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New Delhi: Amid soaring tensions with Beijing, New Delhi is now keen on “leveraging” the stance being taken by Washington as it increasingly puts the limelight on India’s neighbourhood while beginning to stand up against China, ThePrint has learnt.

In a major foreign policy shift, the Donald Trump administration is now looking at countries like Bangladesh, Sri Lanka and Maldives among others, not just for the purpose of business, but as key strategic partners under the Indo-Pacific construct, which is largely aimed at containing China.

According to Indian diplomatic sources, the US is now going to put greater focus on India’s neighbourhood in order to lessen China’s influence there, which will “enable India to leverage” its position also under its ‘Neighbourhood First’ policy.

Also read: Hybrid war, Quad or sitting it out? The 5 options for India against China

Pompeo’s India, Sri Lanka visit

In an effort to lessen the growing Chinese influence and expansion of Indo-Pacific, US Secretary of State Mike Pompeo will be undertaking a visit to Sri Lanka on 27 October, where he is expected to meet the Rajapaksa brothers — President Gotabaya Rajapaksa and Prime Minister Mahinda Rajapaksa — and offer a grant of $480 million.

Before his visit to the island country, Pompeo will be in India to attend the 2+2 ministerial dialogue, along with US Defence Secretary Mark Esper.

The visit by the US administration to Sri Lanka comes close on the heels of a high-powered trip by the Chinese, led by Director of the Central Foreign Affairs Commission Office and former ambassador to the United States, Yang Jiechi. During the visit, President Rajapaksa vowed to deepening friendship with China.

Pompeo is also expected to visit Maldives, even as Washington and Male have signed the ‘Framework for U.S. Department of Defense-Maldives Ministry of Defense and Security Relationship’ on 10 September, which was welcomed by India.

Foreign Secretary Harsh Vardhan Shringla is expected to visit Maldives on 10 November. This comes after his visit to Bangladesh and Myanmar in an effort to renew India’s push to for the ‘Neighbourhood First’ policy as China continues to make aggressive inroads there.

“The US is, no doubt, putting more focus on India’s neighbourhood now and it is a positive development that is unfolding as a consciously designed approach under the Quad (Quadrilateral Security Dialogue) and larger Indo-Pacific. This will shore up confidence and also strengthen India’s position as the US is aware that there is power asymmetry between India and China,” said Rajiv Bhatia, Distinguished Fellow at Gateway House.

Also read: Trump or Biden, India-US strategic ties won’t be friction-free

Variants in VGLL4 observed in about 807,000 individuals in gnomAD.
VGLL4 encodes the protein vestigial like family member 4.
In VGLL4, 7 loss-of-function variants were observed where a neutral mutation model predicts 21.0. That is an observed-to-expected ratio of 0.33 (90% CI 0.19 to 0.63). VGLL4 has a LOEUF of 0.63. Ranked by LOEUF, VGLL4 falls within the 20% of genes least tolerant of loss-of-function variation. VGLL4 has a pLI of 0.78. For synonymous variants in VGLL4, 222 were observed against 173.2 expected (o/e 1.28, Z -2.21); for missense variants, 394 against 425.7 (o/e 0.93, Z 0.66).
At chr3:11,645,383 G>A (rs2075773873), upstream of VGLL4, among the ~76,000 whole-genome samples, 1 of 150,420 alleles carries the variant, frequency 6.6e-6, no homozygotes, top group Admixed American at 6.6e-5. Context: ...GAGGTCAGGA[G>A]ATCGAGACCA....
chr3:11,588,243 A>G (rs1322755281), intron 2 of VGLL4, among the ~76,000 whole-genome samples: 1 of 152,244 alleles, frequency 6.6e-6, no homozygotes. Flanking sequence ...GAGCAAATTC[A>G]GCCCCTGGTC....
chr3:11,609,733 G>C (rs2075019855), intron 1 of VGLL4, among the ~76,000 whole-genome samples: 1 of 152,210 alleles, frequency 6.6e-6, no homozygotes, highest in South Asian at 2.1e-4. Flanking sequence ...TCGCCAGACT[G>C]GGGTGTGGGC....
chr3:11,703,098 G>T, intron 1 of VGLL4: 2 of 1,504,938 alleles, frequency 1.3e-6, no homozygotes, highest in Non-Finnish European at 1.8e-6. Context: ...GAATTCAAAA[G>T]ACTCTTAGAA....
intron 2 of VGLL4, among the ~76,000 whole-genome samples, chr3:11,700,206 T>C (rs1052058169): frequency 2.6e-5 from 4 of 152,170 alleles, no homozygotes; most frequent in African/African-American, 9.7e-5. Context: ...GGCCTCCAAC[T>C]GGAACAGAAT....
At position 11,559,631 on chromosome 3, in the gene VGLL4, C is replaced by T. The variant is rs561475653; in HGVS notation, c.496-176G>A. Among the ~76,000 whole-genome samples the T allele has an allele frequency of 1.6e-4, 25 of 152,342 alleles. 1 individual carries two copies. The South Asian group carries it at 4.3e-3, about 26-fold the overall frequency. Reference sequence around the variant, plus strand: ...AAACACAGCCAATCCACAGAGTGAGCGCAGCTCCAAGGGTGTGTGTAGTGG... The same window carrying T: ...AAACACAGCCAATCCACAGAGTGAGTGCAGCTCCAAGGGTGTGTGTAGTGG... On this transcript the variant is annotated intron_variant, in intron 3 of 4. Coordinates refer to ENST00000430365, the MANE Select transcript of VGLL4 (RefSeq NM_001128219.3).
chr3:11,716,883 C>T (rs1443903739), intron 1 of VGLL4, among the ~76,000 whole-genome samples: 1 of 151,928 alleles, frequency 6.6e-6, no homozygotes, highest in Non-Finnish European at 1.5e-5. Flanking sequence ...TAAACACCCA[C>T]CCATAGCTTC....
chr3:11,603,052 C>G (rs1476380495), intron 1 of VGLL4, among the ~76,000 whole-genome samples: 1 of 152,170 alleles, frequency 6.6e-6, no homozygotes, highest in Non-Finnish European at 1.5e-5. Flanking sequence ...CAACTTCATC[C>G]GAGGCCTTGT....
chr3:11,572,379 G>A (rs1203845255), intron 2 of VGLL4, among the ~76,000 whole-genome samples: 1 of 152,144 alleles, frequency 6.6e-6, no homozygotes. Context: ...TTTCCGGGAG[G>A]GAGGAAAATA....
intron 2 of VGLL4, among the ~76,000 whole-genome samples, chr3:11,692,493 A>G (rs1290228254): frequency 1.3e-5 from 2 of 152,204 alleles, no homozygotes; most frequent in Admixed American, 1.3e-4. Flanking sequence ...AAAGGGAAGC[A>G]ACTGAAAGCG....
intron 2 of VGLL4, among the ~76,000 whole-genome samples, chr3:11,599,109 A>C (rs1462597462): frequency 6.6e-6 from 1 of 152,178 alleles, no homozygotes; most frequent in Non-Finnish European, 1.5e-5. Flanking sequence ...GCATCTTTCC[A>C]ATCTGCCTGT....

Focus on India’s neighbourhood post US elections

Earlier this week, US Deputy Secretary of State Stephen E. Biegun, during his visit to India, stated that Washington and New Delhi have a “fundamental alignment” even as China remains “elephant in the room”.

After concluding his India visit, Biegun headed straight to Dhaka. During his meeting with the Foreign Minister of Bangladesh AK Abdul Momen, Beigun said that the US is “committed to growing our partnership in this regard to advance a free and open Indo-Pacific. Bangladesh will be a centrepiece of our work in the region.”

Sources in India’s diplomatic community are also wary of the fact whether such a focus on India’s neighbourhood will continue to be there if the US administration changes after the Presidential elections.

“There is greater congruence between India and the US on strategic issues, irrespective of which administration comes in. The Democrats, of late, have also been much harsh and critical of China as the Republicans and there’s a larger recognition of the fact that China has to be countered,” said Rajeshwari Pillai Rajagopalan, distinguished fellow and head (nuclear & space policy initiative), Observer Research Foundation.

However, according to her, whether the alignment of Indian and American industries will take place or not in the neighbourhood remains doubtful if a Biden administration comes to power.

During his address to Indian Americans in September, Democratic Presidential candidate Joe Biden had said, “The US and India share a strong interest in a rules-based Indo-Pacific region, where no country including China threatens its neighbours with impunity.”

Also read: Maldives to Moscow — India prepares for brave new Biden world after Modi-Trump bonhomie


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1 Comment Share Your Views


  1. Trump would be defeated in election and gone, along with Mike Pompeo, in exactly in 17 days, his last day being November . The new US president Biden would be a lot gentler to China. Moreover, the new administration would be very busy reviving the US economy that is in recession, rather than with the foreign policy, China, foreign trade, etc. Also, American business community, has lot of business interests in China, so so it would pressure the new president to go easy with China. America would need trade with China to revive its economy. The same with Japan, which also has lot of investment in China, and its business community also wants to do business with China. Japan’s new PM owes his position to a pro-China Japanese politician. Australia is also very dependent on Chinese imports to revive its economy which is in recession. Ithas told the US that it doesn’t want to strain its relations with China. Trump may want to use countries like Bangladesh and Sri Lanka against China, but those countries also wouldn’t want to be used as a tool. China, also has lot of investments in both the countries.


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